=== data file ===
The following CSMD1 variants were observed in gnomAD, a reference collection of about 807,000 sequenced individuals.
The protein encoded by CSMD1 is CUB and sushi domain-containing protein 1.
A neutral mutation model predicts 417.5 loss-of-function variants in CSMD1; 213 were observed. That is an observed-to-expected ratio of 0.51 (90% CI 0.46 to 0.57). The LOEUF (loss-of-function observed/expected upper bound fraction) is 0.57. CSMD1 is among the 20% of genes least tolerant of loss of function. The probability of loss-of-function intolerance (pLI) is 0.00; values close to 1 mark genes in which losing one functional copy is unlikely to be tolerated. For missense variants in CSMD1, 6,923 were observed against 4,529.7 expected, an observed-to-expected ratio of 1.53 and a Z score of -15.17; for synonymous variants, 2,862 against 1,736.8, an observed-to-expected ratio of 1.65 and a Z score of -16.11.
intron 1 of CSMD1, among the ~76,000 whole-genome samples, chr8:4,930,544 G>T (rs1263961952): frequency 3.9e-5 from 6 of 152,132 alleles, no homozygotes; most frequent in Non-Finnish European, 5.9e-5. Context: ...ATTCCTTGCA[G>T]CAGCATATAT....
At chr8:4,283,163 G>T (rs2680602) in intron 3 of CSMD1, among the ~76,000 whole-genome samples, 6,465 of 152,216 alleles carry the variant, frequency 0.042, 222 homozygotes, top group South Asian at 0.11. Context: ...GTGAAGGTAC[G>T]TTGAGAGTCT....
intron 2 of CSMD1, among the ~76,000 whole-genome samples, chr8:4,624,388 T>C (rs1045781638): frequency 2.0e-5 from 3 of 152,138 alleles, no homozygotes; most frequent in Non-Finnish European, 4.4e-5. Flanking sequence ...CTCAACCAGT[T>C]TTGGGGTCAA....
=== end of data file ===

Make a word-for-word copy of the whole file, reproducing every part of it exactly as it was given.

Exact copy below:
The following CSMD1 variants were observed in gnomAD, a reference collection of about 807,000 sequenced individuals.
The protein encoded by CSMD1 is CUB and sushi domain-containing protein 1.
A neutral mutation model predicts 417.5 loss-of-function variants in CSMD1; 213 were observed. That is an observed-to-expected ratio of 0.51 (90% CI 0.46 to 0.57). The LOEUF (loss-of-function observed/expected upper bound fraction) is 0.57. CSMD1 is among the 20% of genes least tolerant of loss of function. The probability of loss-of-function intolerance (pLI) is 0.00; values close to 1 mark genes in which losing one functional copy is unlikely to be tolerated. For missense variants in CSMD1, 6,923 were observed against 4,529.7 expected, an observed-to-expected ratio of 1.53 and a Z score of -15.17; for synonymous variants, 2,862 against 1,736.8, an observed-to-expected ratio of 1.65 and a Z score of -16.11.
intron 1 of CSMD1, among the ~76,000 whole-genome samples, chr8:4,930,544 G>T (rs1263961952): frequency 3.9e-5 from 6 of 152,132 alleles, no homozygotes; most frequent in Non-Finnish European, 5.9e-5. Context: ...ATTCCTTGCA[G>T]CAGCATATAT....
At chr8:4,283,163 G>T (rs2680602) in intron 3 of CSMD1, among the ~76,000 whole-genome samples, 6,465 of 152,216 alleles carry the variant, frequency 0.042, 222 homozygotes, top group South Asian at 0.11. Context: ...GTGAAGGTAC[G>T]TTGAGAGTCT....
intron 2 of CSMD1, among the ~76,000 whole-genome samples, chr8:4,624,388 T>C (rs1045781638): frequency 2.0e-5 from 3 of 152,138 alleles, no homozygotes; most frequent in Non-Finnish European, 4.4e-5. Flanking sequence ...CTCAACCAGT[T>C]TTGGGGTCAA....